A good example is the Outpost – an experiential marketing pop-up put on by The Participation Agency. Located in El Paso, Texas, the Outpost is a rest stop designed for touring bands that come through the area. It’s stocked with curated brands and products designed just for musicians and their on-the-road needs. For band members who have to use bare-bones gas stations and rest stops for months on end, the Outpost is a welcome sight – and one they’ll share heavily on social media.
Every year, Target hosts their overwhelmingly popular private shopping event “Back to College” for incoming college freshmen. Throughout the months of August and September, the company will bus in 155,000 students from 66 different universities and colleges to their local Target store. Inside the event, there are DJs playing while students browse hundreds of top beauty products, late night snacks, designer threads, and school supplies during the off-campus excursions. Target also raffles off coupons and prizes including a year’s supply of pizza, a Sony 32” television, and Target Gift Cards.
Also known as “The Millennials’ Estee Lauder”, Glossier teamed up with the famous Rhea’s Cafe in the Mission District for one month to host their first pop-up makeup store in San Francisco.The entire cafe was remodeled to welcome the beauty line with a fresh coat of light pink paint and chic new furniture to appeal to Glossier’s youthful audience.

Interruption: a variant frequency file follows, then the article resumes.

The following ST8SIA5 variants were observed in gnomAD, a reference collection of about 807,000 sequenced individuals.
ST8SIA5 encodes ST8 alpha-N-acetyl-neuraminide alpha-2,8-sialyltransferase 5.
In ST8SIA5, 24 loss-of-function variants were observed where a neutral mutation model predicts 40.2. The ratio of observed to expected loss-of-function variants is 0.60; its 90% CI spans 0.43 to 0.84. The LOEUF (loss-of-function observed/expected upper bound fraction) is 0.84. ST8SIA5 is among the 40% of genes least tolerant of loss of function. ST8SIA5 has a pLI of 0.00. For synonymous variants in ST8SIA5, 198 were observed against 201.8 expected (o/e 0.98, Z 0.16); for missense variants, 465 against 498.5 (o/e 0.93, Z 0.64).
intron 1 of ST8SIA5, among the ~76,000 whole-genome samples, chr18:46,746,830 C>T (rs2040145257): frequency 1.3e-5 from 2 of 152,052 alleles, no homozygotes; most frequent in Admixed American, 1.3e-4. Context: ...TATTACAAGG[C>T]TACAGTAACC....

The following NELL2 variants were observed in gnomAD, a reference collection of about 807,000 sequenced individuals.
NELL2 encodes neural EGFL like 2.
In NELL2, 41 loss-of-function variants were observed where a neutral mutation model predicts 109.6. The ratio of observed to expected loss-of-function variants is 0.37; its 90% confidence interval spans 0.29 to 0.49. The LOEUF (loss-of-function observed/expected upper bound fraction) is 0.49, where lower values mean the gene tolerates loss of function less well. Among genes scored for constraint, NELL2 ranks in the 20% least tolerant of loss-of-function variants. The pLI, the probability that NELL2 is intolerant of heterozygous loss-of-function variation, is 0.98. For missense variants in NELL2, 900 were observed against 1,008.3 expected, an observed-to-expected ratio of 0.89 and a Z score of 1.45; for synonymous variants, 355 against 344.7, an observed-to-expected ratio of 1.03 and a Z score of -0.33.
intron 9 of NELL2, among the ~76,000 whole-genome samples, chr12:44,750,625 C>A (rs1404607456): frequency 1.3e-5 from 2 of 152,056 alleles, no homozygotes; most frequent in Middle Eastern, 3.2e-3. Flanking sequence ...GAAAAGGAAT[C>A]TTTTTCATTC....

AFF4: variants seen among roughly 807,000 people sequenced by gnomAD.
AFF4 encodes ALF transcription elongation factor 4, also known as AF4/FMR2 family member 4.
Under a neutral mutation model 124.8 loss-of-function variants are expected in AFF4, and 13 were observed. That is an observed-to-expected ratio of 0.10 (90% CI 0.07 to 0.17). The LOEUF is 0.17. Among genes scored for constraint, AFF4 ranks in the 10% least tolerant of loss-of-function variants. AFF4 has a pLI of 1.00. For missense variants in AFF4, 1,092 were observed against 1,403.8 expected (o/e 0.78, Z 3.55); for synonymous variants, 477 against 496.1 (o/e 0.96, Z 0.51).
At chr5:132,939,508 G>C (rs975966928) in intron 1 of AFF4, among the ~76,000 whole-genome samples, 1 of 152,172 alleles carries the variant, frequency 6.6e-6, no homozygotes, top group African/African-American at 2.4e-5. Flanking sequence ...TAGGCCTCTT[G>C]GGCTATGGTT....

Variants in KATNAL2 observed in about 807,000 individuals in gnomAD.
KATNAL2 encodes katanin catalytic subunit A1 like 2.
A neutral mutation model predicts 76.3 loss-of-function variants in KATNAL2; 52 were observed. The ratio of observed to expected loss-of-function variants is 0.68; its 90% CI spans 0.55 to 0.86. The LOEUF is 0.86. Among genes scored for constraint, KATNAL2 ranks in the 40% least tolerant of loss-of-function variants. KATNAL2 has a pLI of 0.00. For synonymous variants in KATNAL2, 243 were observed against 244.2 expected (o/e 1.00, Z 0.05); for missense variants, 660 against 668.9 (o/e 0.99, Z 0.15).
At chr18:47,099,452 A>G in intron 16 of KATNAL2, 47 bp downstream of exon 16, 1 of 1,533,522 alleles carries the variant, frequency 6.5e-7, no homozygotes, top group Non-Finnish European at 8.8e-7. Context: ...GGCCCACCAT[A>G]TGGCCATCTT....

Another great example is JetBlue’s “Icebreaker” challenge in New York a few years ago. To celebrate its new direct flight from NYC to Palm Springs, Florida, the airline froze summer accessories in large ice blocks. Passersby could stop, chip away at the ice with whatever tools they had on them, and claim any prize they could get out of the ice. There were even free plane tickets in there!
Disney’s Doc McStuffin check-up campaign is also a good example. This event allowed kids to play doctor on various stuffed animals. While waiting for their turn, they played with Doc McStuffin themed toys and books, and even received a free Doc gift. When all was said and done, the event exposed the Doc McStuffin TV show to nearly 8,000 more children (and their parents).
In 2016, the company opened a temporary store in SoHo called Harry’s Bartershop, allowing consumers to “barter” their razor blades (including competing brands like Gillette), in exchange for Harry’s new razors and shaving products.
Last summer, Dirty Lemon (famous for being one of the first brands to sell their products exclusively via text message) opened up “The Drug Store”, an alcohol-free bar in Nolita, NYC.
Modeled after a 1920s soda shop, the bar scheme helped to drive new customers, build brand awareness, and educate thirsty shoppers on the health benefits of their famous low-calorie beverage.
Athleisure brand Lululemon regularly hosts free yoga and fitness classes in many of its stores across the globe.
Each year, Backpacker Magazine hosts “Get Out More”, an event featuring more than 45 outdoor equipment retailers and speakers, who share their latest outdoor experiences and expert gear tips.
You get the gist: the key to great experiential marketing is finding something to both entertain and involve consumers, so that they share your brand and remember their experience.
Your goal is to create brand advocates: people excited to do business with you and share it with the world.
Are you ready to elevate your brand through the power of experiential marketing? Wizard Studios can make it happen!
This content was originally published here.